[C. C. Crisler:] If they were to withdraw, then that would make your work more difficult? 25LtMs, Ms 86, 1912, par. 27

[Ellen G. White:] The people would not understand why they could not work with their brethren. 25LtMs, Ms 86, 1912, par. 28

A good many have held on to a precious idea they have had, that they thought they had got to carry out. but it is an impression in their minds. The Lord has not made that impression, but it is their own traits of character that they have developed for a long time, and they think that if they should let go of their ideas that we will giving up the faith. (They are honest in their convictions, they do not realize that they are that way.) 25LtMs, Ms 86, 1912, par. 29

Now if persons could go and talk with Brother Burden in the right way, and show him that he cannot set himself up as unerring—he cannot do it—therefore he should be very delicate about the sentiments that he presents before others. They follow his example, you know, and it means a good deal in regard to this matter of standing just as stiff as possible to stand when the question does not admit it. God would not have it admitted, even if they thought conscientiously it was all right. But time shows what is right. The Lord will open the understanding to be convicted. 25LtMs, Ms 86, 1912, par. 30

[C. C. Crisler:] Supposing he is right, and [he] finds it impossible to force the minds of his brethren? If he keeps quiet and prays, won't the Lord in His divine providence help the man to see the right thing, if they will keep quiet, and not force in this thing that his brethren cannot see? 25LtMs, Ms 86, 1912, par. 31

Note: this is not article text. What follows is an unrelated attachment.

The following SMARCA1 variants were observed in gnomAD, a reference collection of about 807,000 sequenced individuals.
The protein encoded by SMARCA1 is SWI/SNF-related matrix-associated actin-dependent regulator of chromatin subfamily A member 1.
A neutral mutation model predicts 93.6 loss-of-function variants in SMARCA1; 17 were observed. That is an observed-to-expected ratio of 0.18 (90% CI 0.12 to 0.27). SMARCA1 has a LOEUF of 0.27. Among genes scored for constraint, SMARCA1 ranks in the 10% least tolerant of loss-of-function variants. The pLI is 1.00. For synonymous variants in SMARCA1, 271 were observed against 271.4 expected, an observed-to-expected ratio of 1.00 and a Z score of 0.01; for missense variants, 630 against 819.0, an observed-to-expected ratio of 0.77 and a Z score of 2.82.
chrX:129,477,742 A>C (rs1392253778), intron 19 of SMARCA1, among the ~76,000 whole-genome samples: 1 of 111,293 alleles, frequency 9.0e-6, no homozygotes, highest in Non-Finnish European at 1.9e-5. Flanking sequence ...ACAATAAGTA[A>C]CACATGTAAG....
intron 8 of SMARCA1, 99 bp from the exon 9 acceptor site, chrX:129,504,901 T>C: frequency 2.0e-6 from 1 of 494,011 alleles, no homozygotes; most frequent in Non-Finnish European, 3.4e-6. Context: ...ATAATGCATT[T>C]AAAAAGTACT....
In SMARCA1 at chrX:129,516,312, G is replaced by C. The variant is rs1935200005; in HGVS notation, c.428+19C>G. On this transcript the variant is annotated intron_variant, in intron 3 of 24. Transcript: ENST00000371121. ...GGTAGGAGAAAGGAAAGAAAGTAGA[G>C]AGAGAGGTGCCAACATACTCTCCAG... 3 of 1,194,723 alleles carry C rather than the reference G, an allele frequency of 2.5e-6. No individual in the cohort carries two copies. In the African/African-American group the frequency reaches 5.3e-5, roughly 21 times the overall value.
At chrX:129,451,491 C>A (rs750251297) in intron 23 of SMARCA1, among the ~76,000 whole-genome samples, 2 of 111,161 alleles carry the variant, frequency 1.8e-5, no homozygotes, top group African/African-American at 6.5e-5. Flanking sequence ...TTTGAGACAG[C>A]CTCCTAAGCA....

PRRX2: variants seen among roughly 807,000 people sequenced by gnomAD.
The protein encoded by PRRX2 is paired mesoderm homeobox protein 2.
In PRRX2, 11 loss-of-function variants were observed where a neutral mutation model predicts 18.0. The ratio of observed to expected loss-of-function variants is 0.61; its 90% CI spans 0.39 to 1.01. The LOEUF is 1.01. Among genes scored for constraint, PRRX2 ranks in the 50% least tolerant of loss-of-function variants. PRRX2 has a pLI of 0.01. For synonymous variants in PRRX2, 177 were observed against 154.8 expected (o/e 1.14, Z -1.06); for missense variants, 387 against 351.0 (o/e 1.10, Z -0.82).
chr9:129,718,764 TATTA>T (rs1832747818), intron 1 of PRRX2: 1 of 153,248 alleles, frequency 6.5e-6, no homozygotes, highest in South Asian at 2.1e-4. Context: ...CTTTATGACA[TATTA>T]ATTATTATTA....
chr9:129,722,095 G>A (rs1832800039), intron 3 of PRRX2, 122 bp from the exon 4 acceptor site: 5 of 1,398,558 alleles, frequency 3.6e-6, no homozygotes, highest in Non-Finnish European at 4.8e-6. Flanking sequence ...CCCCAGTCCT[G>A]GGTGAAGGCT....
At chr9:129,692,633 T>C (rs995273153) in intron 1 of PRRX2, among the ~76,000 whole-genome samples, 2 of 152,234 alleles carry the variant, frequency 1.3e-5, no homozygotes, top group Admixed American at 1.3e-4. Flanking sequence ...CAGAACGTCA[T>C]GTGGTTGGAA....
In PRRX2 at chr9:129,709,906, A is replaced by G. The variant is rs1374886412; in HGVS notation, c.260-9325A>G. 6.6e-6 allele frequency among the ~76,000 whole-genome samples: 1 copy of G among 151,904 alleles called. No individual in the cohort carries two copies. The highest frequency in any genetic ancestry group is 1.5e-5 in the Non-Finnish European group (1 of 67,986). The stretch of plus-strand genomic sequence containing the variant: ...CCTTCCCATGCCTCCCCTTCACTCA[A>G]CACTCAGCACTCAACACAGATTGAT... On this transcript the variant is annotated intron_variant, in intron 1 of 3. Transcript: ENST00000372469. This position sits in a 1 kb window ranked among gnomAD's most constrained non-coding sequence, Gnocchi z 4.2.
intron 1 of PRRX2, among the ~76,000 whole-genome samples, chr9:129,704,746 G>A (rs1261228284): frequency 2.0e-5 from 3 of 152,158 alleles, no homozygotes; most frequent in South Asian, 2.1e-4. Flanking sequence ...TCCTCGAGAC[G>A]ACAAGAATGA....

[Ellen G. White:] But the Lord will bring it around in such a way that it will appear different to his brethren, so that they can bear it, but not through him. Maybe they can get it by their own study of the things he has studied. 25LtMs, Ms 86, 1912, par. 32

Brother Burden's mind is of a peculiar make. Somehow he and I have got along pretty well together. That peculiar bent of mind has helped him through many hard places. It has enabled him to stand stiffly in strait places, but now where he is associated with his brethren, he has opportunity to blend his talents with their talents. 25LtMs, Ms 86, 1912, par. 33

God can put His stamp not the human stamp. God can put His converting stamp upon the mind of men, where if he should take his peculiar stamp and try to put it on, why, he would be despised. They would not have any fellowship with him. 25LtMs, Ms 86, 1912, par. 34